When a head of government goes abroad on an official visit, the countries involved are usually only too eager to reel off the number of agreements that will be signed. Even when there was a dialogue between India and Pakistan, however half-hearted, there was always the expectation of a joint statement or an agreement on some low hanging fruit, such as visas, never mind if it was belied each time.
Prime Minister Narendra Modi’s visit to Sri Lanka must be among the few in which both sides have been expending considerable energy to emphasise that there will be no bilateral agreements during the two days he will spend there. Instead, it is being described as a ‘religious visit’, in keeping with Modi’s primary engagement, which is to inaugurate the UN Vesak Day celebrations on Friday.
This is the first time the event is being held in Sri Lanka after the day was instituted in 1999 thanks to the efforts of the late Sri Lankan foreign minister Lakshman Kadirgamar. Representatives from 85 countries are attending the celebrations, including the Nepal President Bidhya Devi Bhandari. Modi will also travel to the Dalada Maligawa, the Temple of the Tooth Relic, in Kandy.
Both India and Sri Lanka are keen to project Modi’s visit as one that underlines the civilisational ties between the two countries, the common link to the Buddha, and the cultural ties that bind them. And both are playing down Prime Minister Ranil Wickremesinghe’s visit this coming weekend to Beijing for the May 14-15 One Belt One Road summit, hours after Modi’s departure for India.
Ties between the two countries have improved greatly since the exit of Mahinda Rajapakse from the presidency in January 2015, which ended Sri Lanka’s open pro-China-tilt. But there is no denying that China’s continued involvement in Sri Lanka remains a worry for New Delhi. And Sri Lanka continues to harbour the same suspicions about Big Brother India that it has done from the time of independence – some would say from even deeper in Sinahla-Buddhist history.
Now it appears New Delhi has decided to use religion as the language, perhaps more saleable in Sri Lanka, through which India will pitch the security co-operation that it wants with its closest Indian Ocean neighbour. So, Modi will hold meetings with President Maithripala Sirisena and Prime Minister Ranil Wickremesinghe, at which the Indian side is certain to push for the implementation of the Memorandum of Understanding that was signed between the two sides during Wickremesinghe’s “working visit” to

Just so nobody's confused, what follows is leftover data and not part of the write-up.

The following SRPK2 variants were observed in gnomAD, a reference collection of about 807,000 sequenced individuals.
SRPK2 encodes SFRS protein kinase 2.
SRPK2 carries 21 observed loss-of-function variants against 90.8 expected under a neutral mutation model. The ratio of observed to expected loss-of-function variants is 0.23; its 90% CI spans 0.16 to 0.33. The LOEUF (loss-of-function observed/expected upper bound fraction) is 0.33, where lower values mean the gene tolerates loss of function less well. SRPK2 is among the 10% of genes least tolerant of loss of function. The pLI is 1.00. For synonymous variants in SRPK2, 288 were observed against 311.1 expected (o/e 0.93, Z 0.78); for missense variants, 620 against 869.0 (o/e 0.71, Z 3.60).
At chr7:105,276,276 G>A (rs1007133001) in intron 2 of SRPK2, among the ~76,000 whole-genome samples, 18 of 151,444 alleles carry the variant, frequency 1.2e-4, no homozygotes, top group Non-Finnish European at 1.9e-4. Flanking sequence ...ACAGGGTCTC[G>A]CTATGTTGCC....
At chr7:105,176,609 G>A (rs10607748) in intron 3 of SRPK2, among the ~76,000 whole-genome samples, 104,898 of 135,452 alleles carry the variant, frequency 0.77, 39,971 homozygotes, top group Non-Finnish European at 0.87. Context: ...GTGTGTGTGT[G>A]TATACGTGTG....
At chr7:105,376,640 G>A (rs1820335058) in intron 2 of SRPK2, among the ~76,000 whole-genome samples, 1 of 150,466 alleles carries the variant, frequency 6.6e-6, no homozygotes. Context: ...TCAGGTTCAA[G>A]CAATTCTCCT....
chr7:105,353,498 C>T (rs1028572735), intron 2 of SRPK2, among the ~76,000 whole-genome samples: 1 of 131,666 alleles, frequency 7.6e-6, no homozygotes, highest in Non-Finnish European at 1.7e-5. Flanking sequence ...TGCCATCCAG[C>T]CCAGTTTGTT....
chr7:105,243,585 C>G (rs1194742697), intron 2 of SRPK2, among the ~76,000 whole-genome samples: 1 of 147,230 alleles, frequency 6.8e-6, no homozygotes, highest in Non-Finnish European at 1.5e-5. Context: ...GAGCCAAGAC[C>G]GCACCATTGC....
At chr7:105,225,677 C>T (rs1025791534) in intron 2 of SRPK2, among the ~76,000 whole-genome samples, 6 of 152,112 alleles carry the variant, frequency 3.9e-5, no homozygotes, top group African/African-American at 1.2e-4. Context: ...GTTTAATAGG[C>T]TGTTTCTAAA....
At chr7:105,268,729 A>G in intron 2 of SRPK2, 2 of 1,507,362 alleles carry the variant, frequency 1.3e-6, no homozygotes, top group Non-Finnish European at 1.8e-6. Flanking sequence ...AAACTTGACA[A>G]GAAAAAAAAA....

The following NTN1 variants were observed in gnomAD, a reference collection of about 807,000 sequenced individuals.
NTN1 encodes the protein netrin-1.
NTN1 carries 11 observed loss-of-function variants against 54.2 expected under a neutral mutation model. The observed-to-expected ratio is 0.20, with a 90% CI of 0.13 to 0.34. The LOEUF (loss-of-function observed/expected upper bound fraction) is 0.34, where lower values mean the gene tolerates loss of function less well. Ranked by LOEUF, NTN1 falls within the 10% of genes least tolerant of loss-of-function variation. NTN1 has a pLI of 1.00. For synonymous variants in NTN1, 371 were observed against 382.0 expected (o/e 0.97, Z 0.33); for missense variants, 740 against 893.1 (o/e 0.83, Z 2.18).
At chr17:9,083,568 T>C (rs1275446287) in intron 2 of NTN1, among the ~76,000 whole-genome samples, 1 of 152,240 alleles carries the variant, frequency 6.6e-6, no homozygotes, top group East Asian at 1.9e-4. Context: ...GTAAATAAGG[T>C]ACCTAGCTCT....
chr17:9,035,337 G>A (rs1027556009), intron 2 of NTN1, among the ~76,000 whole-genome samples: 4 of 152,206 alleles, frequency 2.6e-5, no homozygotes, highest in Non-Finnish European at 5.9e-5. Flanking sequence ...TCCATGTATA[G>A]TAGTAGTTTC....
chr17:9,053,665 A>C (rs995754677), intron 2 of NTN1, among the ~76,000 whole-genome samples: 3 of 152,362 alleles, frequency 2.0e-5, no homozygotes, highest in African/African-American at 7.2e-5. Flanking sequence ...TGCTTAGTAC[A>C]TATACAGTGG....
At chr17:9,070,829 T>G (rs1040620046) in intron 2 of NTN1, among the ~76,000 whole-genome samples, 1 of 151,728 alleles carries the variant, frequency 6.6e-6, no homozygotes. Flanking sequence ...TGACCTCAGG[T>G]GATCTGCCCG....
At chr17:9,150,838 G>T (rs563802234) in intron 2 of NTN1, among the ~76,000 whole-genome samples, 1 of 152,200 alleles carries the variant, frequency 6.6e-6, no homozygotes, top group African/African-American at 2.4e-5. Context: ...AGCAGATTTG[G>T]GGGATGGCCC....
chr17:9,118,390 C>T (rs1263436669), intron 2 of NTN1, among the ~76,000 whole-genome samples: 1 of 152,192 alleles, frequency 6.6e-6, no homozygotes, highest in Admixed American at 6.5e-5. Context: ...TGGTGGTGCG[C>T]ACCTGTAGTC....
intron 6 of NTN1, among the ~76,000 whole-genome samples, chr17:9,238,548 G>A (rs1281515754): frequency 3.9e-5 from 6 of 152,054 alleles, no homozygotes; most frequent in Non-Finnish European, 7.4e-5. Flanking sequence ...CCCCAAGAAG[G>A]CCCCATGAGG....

The MoU for Co-operation in Economic Projects is a document brimming with possibilities, each with a timeline for roll out:
*A 500 MW LNG fired power plant, for which the Sri Lankan government will issue a letter of intent to India by “end May 2017”.
*An LNG terminal/floating Storage Regasification Unit in Colombo, and other associated projects such as CNG outlets, for all of which Sri Lanka will issue a letter of intent by “mid-May 2017”;
*A 50 MW solar power plant in Sampur, near Trincomlaee for which Sri Lanka is to issue a letter of intent by “mid-May 2017”.
*Joint development of the Upper Tank Farm containing 84 tanks in an area of 800 acres by Lanka IOC and Ceylon Petroleum Corporation for which the two will set up a joint venture by the “end July 2017” and make business
development plans by September 2017.
*A port, petroleum refinery and other industries in Trincomalee for which both governments will set up a joint working group by “end June 2017”.
*Road and railway projects in Trincomalee, Mannar and Jaffna.
In Sri Lanka, the government is being attacked for this MoU. Prime Minister Wickremesinghe spoke in Parliament defending it, pointing out that Lanka IOC had been paying USD 100,000 per annum since 2003 for a lease signed in that year for the tank farm. “None said no to the monies”, he pointed out.
The general impression in Sri Lanka is that there is nothing in the MoU that binds the country to anything with India. Among India’s objectives during the visit by Modi is to convey quietly but firmly that New Delhi is serious about implementing each of the projects, and expects Sri Lanka to reciprocate.
A significant engagement during Modi’s visit is his public meeting in tea growing central Sri Lanka where he will address Tamils of Indian origin, the first Indian leader to do so after Jawaharlal Nehru. This Tamil community, also known as ‘Upcountry Tamils’, are different from the Tamils of North and East Sri Lanka.
They first arrived from Tamil Nadu in the mid-19th century as labourers to work on British coffee plantations, and after a scourge killed coffee, the tea plantations that came soon after. Unlike the Tamil of the Northeast, who wanted to secede, these Tamils struggled long to get citizenship of Sri Lanka, finally achieving closure in the initial years of the 21st century. They continue to have strong links with India and look up to the Indian government for support in improving their economic condition, the worst among all ethnic groups in the country.
Though they do not compare with NRIs, this public gathering may lend something of the flavour of meetings with the Indian community that Modi likes to have in every country he visits.